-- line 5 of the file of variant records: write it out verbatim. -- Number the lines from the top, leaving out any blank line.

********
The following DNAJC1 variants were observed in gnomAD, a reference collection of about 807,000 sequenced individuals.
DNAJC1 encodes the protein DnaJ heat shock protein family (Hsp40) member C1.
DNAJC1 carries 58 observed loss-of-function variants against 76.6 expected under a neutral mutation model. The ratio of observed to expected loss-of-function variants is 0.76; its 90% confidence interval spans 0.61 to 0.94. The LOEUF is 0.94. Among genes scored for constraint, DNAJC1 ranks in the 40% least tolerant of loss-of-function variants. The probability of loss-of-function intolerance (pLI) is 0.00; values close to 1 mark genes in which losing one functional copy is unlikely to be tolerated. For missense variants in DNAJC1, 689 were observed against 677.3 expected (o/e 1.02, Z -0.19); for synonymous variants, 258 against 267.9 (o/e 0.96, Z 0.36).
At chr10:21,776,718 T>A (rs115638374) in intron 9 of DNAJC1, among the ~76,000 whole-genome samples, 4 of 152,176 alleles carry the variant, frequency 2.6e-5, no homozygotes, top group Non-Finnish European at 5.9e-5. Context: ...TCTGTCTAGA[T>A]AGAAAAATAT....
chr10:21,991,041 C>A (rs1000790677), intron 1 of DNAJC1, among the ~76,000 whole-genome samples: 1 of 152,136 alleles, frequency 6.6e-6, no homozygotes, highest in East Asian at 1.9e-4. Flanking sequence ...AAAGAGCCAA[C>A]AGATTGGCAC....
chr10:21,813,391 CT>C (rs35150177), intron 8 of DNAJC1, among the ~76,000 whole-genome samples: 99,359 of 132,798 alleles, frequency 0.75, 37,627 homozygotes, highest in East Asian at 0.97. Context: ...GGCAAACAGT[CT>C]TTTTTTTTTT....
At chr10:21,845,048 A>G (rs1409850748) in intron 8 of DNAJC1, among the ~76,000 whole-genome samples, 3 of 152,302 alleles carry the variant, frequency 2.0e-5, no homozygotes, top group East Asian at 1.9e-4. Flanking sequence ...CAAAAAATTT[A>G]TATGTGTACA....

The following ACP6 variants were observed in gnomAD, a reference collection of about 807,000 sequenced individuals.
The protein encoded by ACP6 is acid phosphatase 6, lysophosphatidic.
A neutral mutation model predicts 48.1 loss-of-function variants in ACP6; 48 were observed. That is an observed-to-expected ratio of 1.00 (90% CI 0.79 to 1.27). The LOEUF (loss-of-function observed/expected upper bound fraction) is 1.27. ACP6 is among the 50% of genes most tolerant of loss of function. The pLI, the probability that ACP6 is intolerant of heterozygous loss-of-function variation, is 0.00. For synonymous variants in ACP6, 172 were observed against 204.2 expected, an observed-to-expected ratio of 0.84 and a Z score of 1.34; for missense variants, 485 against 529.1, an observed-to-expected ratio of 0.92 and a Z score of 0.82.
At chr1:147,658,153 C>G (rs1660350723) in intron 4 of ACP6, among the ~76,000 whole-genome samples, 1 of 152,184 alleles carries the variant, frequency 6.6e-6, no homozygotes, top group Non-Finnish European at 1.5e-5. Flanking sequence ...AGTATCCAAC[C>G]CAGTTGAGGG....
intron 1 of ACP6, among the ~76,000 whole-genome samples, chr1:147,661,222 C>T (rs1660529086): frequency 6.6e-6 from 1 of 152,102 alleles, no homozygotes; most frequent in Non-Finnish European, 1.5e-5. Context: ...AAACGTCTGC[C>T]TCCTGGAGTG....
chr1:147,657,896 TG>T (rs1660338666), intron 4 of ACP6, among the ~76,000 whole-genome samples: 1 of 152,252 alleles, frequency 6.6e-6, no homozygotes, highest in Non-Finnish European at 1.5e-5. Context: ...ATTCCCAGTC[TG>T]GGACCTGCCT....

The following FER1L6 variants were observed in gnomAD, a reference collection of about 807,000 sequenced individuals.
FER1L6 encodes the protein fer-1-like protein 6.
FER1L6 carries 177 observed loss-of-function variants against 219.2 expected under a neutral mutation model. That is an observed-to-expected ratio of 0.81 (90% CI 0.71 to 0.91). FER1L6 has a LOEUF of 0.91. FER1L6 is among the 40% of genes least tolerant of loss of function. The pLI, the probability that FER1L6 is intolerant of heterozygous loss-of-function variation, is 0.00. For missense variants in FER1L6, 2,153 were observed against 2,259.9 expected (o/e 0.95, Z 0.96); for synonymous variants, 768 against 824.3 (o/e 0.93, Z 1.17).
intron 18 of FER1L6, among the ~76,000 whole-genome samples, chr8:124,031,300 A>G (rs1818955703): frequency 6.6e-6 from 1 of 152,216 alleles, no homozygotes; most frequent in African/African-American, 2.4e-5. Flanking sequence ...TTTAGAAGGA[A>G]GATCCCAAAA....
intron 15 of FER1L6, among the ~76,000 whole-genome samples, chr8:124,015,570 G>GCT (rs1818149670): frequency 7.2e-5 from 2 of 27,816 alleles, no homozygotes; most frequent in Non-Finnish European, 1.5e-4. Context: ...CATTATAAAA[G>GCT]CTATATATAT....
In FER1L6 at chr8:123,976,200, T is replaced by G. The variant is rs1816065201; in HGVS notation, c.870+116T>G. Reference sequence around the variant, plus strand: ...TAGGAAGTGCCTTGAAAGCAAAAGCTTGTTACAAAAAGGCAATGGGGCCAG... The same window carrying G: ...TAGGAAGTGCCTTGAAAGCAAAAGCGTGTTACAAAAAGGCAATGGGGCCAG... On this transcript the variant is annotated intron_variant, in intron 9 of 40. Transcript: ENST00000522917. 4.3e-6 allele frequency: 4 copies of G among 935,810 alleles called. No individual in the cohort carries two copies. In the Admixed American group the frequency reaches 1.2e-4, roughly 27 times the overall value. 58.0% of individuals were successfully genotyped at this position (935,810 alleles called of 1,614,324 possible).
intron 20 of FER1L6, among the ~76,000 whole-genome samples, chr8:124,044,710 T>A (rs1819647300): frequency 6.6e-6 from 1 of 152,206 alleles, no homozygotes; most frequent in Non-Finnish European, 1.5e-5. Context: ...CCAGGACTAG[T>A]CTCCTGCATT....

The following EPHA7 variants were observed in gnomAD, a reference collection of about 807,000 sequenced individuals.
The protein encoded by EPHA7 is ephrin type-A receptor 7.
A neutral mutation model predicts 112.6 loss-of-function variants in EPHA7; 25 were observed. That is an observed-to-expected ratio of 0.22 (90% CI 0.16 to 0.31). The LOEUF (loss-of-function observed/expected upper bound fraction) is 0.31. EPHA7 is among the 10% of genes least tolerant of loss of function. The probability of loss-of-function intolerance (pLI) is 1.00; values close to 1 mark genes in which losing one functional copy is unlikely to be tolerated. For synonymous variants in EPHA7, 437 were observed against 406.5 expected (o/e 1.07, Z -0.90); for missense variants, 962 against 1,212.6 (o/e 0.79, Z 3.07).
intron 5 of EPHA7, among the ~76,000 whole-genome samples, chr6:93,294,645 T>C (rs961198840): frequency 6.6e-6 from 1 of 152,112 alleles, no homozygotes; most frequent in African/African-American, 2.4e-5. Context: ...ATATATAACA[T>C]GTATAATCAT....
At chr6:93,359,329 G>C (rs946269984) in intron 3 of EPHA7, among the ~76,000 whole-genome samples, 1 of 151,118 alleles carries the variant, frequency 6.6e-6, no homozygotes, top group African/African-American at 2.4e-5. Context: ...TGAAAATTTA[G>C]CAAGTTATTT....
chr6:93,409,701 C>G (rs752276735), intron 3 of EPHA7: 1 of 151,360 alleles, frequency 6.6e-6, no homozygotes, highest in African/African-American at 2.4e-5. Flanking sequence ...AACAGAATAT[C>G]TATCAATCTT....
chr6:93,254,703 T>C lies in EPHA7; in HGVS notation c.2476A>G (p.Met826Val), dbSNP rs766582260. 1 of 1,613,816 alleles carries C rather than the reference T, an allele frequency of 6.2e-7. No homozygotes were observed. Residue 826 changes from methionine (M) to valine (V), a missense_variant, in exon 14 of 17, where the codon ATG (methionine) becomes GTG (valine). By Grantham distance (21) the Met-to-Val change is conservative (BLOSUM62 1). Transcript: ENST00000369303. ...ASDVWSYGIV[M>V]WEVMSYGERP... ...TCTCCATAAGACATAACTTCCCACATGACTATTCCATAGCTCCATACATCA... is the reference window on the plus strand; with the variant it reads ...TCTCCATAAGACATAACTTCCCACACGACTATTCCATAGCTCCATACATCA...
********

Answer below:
chr10:21,991,041 C>A (rs1000790677), intron 1 of DNAJC1, among the ~76,000 whole-genome samples: 1 of 152,136 alleles, frequency 6.6e-6, no homozygotes, highest in East Asian at 1.9e-4. Flanking sequence ...AAAGAGCCAA[C>A]AGATTGGCAC....